Discrimination In Schools

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When outlining equality, diversity, inclusion and policys Law plays the key role within these policys.
It is unlawful for any education provider, including a private or independent provider, to discriminate between pupils on grounds of race, sex, disability, sexual orientation, gender reassignment, pregnancy and maternity, and religion or belief in admissions, access to benefits or services, exclusions, and in the employment of staff. There are some exceptions to allow for the maintenance of faith schools and single-sex schools; some disabled pupils and pupils with a statement of “special educational needs” may be segregated in special schools, and schools may temporarily or permanently exclude pupils for disciplinary reasons.

Until October
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direct discrimination occurs when a pupil is treated less favorably than another pupil because of a protected characteristic. It is always unlawful, with certain exceptions, e.g. with regard to single-sex schools. The law also prohibits direct discrimination by association, when a pupil is treated less favorably because of his/her association with another person who has a protected characteristic (but this does not apply to pregnancy and maternity, see below). Direct discrimination based on perception, when a pupil is treated less favorably because of being mistakenly seen as having a protected characteristic discrimination because of pregnancy and maternity, where a female pupil is treated less favorably because she is or has been pregnant or has given birth in the last 26 weeks or is breastfeeding a baby under 26 weeks old (if the baby is older than 26 weeks, unfavorable treatment would be classed as direct sex…show more content…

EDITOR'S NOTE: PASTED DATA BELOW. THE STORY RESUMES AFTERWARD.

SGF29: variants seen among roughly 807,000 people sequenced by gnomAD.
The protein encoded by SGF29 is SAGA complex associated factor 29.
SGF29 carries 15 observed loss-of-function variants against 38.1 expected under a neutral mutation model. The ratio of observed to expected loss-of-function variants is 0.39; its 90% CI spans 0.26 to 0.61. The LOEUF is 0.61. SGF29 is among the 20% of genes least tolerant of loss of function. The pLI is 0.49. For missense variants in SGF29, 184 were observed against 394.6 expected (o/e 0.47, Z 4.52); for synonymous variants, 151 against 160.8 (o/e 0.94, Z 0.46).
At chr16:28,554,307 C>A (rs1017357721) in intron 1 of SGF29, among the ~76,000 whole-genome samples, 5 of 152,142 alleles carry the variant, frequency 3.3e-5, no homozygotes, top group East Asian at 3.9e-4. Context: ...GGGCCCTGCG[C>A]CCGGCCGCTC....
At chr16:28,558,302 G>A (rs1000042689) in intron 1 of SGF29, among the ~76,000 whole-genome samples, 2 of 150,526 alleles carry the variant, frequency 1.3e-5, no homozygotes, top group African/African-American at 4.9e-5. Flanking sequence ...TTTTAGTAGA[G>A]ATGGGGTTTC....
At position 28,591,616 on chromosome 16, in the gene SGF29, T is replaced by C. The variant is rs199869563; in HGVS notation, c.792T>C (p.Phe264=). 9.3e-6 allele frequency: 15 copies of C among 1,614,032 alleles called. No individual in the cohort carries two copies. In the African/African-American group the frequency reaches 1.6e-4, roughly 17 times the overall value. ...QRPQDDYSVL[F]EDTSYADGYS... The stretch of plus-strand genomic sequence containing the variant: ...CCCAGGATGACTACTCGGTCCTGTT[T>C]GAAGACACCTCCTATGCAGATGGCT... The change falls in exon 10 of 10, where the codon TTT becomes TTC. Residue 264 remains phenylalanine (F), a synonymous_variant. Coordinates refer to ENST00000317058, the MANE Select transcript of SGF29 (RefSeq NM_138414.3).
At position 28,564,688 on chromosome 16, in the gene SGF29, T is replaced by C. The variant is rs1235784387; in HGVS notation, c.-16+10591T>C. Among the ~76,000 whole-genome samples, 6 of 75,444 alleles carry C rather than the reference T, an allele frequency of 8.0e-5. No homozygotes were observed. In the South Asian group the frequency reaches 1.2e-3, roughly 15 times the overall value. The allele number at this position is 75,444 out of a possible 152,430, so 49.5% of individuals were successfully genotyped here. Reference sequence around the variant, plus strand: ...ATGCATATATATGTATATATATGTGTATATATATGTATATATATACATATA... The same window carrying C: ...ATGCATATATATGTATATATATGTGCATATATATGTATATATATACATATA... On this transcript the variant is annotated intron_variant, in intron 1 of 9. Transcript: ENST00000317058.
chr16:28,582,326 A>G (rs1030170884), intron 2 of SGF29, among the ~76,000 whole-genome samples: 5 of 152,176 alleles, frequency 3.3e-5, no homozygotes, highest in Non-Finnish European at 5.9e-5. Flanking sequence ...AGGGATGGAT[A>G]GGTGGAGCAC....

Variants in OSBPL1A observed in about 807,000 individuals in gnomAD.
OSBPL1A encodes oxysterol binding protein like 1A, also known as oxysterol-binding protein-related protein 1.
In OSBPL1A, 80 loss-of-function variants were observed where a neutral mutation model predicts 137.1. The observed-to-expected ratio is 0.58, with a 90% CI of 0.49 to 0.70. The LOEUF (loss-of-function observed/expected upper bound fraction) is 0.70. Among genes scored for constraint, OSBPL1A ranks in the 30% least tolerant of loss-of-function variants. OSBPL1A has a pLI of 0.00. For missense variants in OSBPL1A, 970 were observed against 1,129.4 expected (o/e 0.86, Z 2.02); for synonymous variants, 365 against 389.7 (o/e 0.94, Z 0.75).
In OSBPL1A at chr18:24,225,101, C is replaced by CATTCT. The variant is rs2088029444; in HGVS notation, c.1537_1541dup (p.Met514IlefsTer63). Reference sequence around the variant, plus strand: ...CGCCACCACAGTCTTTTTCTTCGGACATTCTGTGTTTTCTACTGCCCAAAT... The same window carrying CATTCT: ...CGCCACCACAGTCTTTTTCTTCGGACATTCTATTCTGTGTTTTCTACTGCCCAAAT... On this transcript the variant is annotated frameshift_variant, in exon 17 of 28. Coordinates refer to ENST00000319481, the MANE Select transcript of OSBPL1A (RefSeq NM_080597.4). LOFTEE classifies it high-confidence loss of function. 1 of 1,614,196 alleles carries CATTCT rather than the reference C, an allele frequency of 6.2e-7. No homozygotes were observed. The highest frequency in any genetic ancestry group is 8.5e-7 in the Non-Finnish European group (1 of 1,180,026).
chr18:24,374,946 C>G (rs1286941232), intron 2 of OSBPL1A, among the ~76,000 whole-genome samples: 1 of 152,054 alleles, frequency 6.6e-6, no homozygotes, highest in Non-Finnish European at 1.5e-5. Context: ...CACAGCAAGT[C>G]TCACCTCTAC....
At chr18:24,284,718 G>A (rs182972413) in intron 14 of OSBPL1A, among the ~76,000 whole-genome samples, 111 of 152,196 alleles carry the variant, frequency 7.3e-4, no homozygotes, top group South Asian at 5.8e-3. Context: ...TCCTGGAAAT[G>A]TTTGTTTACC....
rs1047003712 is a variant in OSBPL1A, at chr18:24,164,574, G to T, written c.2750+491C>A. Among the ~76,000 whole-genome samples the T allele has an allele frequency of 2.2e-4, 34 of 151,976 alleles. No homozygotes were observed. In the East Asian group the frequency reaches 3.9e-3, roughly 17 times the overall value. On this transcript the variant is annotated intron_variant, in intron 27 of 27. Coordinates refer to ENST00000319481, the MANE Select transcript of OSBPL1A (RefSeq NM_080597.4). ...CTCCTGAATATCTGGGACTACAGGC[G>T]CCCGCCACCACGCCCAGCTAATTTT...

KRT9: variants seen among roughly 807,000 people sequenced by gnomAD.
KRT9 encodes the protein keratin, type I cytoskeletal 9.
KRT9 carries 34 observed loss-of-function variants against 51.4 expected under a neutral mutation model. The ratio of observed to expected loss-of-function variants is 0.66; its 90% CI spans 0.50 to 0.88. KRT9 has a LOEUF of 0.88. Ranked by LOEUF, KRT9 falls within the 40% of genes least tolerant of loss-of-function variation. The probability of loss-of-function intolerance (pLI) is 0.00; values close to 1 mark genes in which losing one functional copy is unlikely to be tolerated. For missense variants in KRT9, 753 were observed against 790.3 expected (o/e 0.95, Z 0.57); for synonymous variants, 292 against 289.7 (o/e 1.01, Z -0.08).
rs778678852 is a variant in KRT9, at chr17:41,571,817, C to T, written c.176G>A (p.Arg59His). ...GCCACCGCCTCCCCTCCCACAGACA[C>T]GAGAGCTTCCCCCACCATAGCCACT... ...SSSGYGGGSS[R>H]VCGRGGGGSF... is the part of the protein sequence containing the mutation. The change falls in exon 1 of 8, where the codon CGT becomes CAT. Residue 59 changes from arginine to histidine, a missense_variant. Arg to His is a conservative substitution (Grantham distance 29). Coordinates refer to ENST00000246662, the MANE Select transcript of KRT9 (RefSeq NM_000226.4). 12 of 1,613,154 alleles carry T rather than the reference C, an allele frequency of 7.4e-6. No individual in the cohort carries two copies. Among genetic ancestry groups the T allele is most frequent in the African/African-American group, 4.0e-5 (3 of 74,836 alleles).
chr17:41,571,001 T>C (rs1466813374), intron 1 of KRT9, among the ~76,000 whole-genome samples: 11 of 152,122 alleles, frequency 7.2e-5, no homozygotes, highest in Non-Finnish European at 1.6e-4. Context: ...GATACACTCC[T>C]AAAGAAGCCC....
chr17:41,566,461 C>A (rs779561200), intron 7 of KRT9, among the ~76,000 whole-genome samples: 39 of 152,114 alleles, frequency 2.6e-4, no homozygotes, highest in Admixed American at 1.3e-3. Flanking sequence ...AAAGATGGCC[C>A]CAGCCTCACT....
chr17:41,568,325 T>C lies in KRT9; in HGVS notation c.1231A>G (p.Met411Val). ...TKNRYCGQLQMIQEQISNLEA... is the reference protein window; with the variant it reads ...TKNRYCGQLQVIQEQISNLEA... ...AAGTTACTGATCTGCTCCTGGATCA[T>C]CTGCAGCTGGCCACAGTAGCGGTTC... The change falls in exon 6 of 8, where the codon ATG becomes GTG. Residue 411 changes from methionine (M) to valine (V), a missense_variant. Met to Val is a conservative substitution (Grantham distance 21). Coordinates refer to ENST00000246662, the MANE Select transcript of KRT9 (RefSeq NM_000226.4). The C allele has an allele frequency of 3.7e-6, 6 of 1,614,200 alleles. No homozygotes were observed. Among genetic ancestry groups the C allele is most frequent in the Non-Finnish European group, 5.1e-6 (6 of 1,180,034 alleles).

sexual harassment is unwanted behavior which is of a sexual nature and which has the purpose or effect of violating a pupil’s dignity, or creating an intimidating, hostile, degrading, humiliating or offensive environment for the pupil

3. less favorable treatment of a pupil because they submit to or reject sexual harassment or harassment related to sex.

The Act states that a school must not harass a pupil or a person who has applied for admission.


The Act prohibits victimization, defined as treating a pupil badly because s/he (or his/her parent or sibling) has done a “protected act” (or because the school believes that a person has done or is going to do a protected act). A protected act is:

- Making a claim or complaint of discrimination under the Act.

- Giving evidence or information to support another person’s claim under the Act.

- Alleging that the school or someone else has breached the Act.

- Doing anything else in connection with the Act.

The Act states that a school must not victimize a person in its admission arrangements, the provision of education, in exclusions or by subjecting the pupil to any other
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